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Diogo is back on campus! Read his account of coming back to his second home!
Preparing for any trip can be a daunting task, especially an overseas one. After nearly a month of being home for break, it was time for me to head back to Bluche for my second semester of studies in hospitality management.
Everyone who has traveled abroad knows that packing on the day of your departure isn’t the best situation to be in, but a last minute trip with my family earlier that week left me no other option. Luckily for me, my flight wasn’t until 6 PM, so that left me plenty of time to pack, get a workout in, and spend some well-needed quality time with my dog.
I began my journey back to school at Hartsfield-Jackson International Airport in Atlanta, Georgia, the world’s busiest airport. My flight to Paris would provide me with refreshments, dinner, and breakfast, but I thought it would be best to bring my own drink aboard. For long haul flights I like to take a bottle of coconut water with me.
It is best that you sleep during a transcontinental flight, as the jetlag can take a toll on your body. Unfortunately, I have a difficult time falling asleep on anything other than my bed, unless I am riding in my dad’s car listening to the soothing voices of public radio. I passed the time watching the on-demand movies and shows Air France had to offer and made to sure to get up a few times during the flight to stretch my legs.
The rainy Paris morning greeted me with a cool 5° C (41° F), which was still nowhere close to Bluche’s then temperature of -6° C (21.2° F), but cold nonetheless; from here on out, it would only get colder. All passengers had to disembark via airstair and take a bus to arrivals as opposed to the usual jet bridge attached to the terminal. Getting to the gate for my flight to Geneva and boarding the plane was no problem. Unfortunately, takeoff was delayed by nearly an hour due to inclement weather affecting the runway in Geneva International Airport. It wasn’t particularly fun waiting for the plane to take off, but it was also hard to contain my excitement for a snowy welcome in Switzerland. Before I knew it, I was looking out of my window down at the snow-covered fields and rooftops of Geneva.
After disembarking, I grabbed my checked bag and walked to the SBB (Swiss Railway, or Schweizerische Bundesbahnen in German) station for the part of the trip I was most looking forward to. New students at Les Roches are given a complimentary coach bus ride from the airport to the campus, but returning students are expected to find their own means of transportation. For those without a car, the 2-hour train ride from Geneva Airport to Sierre is the fastest and most convenient method. It also has the added benefit of being a beautiful train ride, passing through the canton of Vaud’s lakeside vineyards and Valais canton’s rugged and imposing mountains. I tried to concentrate on reading my book about Portugal’s role as a neutral country in World War II, but even its thrilling narrative couldn’t stop me from taking my eyes off of the beautiful snowfall happening right outside my window.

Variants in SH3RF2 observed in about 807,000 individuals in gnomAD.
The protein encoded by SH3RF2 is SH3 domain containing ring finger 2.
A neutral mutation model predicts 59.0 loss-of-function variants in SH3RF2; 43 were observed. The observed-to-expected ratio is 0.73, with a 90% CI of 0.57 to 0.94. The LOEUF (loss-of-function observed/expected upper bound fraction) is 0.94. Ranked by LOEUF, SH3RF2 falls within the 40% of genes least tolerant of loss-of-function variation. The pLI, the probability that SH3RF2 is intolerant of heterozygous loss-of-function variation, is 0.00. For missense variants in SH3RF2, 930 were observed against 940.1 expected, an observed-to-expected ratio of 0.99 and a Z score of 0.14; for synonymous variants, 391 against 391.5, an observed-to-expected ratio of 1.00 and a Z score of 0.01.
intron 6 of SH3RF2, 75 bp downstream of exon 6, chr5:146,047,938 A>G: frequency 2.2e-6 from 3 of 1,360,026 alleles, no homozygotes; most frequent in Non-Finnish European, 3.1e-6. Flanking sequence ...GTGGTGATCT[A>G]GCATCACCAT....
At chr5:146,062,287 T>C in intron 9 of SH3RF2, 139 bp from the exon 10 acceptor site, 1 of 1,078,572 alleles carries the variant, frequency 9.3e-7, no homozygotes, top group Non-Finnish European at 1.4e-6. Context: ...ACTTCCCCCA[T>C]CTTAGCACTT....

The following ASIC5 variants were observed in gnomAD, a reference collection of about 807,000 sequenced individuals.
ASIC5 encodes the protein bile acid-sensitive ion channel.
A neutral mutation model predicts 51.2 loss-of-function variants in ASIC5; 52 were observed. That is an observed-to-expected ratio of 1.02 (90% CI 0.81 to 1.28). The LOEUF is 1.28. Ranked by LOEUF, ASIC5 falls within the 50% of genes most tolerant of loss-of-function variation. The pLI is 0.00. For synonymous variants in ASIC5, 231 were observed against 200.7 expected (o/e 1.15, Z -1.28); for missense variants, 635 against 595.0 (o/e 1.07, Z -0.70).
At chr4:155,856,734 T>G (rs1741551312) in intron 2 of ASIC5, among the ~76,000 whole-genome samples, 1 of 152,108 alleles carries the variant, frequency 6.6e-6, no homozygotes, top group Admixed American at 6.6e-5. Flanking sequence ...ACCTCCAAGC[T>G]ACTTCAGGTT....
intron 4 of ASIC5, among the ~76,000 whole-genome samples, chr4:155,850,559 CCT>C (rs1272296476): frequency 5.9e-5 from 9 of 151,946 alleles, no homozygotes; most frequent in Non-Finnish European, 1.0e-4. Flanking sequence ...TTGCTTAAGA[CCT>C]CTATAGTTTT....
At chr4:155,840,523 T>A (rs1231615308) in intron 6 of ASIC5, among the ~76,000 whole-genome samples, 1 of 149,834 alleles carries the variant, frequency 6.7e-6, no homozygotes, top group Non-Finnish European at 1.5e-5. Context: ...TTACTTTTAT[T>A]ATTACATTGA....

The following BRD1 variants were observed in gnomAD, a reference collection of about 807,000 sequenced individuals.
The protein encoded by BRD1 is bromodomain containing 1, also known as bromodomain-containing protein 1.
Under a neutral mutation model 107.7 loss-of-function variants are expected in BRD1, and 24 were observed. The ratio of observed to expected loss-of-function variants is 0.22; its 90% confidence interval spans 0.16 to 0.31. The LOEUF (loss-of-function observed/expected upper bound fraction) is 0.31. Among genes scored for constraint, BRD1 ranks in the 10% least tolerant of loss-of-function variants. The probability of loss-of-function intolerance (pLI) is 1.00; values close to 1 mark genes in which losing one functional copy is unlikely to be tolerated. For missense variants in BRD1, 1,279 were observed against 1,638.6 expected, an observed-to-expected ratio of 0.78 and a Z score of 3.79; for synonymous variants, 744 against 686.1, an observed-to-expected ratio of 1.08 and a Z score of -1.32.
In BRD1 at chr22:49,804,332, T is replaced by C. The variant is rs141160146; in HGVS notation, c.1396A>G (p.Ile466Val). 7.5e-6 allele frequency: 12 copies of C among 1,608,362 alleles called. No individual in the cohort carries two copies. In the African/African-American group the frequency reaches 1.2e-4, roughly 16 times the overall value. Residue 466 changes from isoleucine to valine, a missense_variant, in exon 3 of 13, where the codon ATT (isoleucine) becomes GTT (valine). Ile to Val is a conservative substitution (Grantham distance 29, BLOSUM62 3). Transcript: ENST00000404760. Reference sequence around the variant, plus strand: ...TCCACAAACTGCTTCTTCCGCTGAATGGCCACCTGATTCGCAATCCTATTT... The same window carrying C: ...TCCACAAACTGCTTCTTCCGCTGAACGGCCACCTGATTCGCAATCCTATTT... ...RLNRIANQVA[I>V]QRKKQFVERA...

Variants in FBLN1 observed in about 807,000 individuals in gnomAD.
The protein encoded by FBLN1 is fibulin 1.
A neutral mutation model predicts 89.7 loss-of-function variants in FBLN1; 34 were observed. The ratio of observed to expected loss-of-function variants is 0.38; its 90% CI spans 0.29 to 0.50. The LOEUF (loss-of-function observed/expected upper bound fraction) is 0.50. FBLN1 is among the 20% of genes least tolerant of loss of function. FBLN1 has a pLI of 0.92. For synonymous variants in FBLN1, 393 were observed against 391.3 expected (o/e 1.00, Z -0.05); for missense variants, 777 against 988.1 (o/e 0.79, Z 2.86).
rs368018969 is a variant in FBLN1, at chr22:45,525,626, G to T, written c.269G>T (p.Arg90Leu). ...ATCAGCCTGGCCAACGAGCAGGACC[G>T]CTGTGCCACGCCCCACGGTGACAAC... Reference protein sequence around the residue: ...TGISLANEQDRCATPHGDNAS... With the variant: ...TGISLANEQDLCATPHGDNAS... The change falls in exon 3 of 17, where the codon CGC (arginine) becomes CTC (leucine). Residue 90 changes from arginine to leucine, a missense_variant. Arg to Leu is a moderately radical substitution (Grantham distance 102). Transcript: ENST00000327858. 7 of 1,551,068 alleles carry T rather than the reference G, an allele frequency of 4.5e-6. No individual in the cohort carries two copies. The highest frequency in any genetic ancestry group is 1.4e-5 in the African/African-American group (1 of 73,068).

When I heard the train’s overhead speaker system announce “Prochain arrêt, Sierre…Nächste halt, Siders”, I knew I was almost at my second home. A hot shower and freshly made bed on campus was calling my name, but not before taking one last scenic ride on the Sierre-Montana funicular. A 300-meter (0.18 mile) walk separates the train and funicular stations (0.18 mile); a red line in the pavement conveniently outlines the path between the two stations for those unfamiliar with the city of Sierre. You’re bound to run into a few friends or fellow classmates when taking the funicular, and this trip was no different. Only this time we were joined by the locals and tourists heading up to ski and snowboard the world-famous slopes near Crans-Montana.
The 15-minute funicular ride to the village of Bluche passes through more vineyards and the backyards of some beautiful and cozy chalets. The higher up you go, the better your view of the Alps surrounding you. As someone who has taken the Sierre-Montana funicular since July 2015, it is amazing to see how the scenery changes with the seasons: lush green in the summer, bright oranges and fiery reds in the fall, and the peaceful whites and grays covering the surrounding landscape. I have high expectations for what this coming spring has to offer.
Having grown up near Atlanta, Georgia most of my life, I am not used to seeing more than 5 cm (2 inches) of snow at a time. When I stepped out of the funicular at Bluche, there were piles of snow coming up to waist.
Thankfully I was well equipped for the weather; proper boots, coat, gloves, scarf, and a wool beanie are essentials during this time of year. The walk to the main building from the funicular stop is a short 5-minute one, and I couldn’t help but smile as I walked past the familiar accommodations and restaurants. During check in, the staff members were quick, efficient, and very helpful, which was welcoming despite the jetlag and lack of sleep that was starting to kick in.
Be it traveling by funicular from Sierre up to Bluche, or taking a walk across campus to your next classroom, every corner is always picturesque and nothing short of breathtaking. As I begin my second semester at Les Roches, I realise that I am so proud to be able to call this little part of Switzerland my home away from home.
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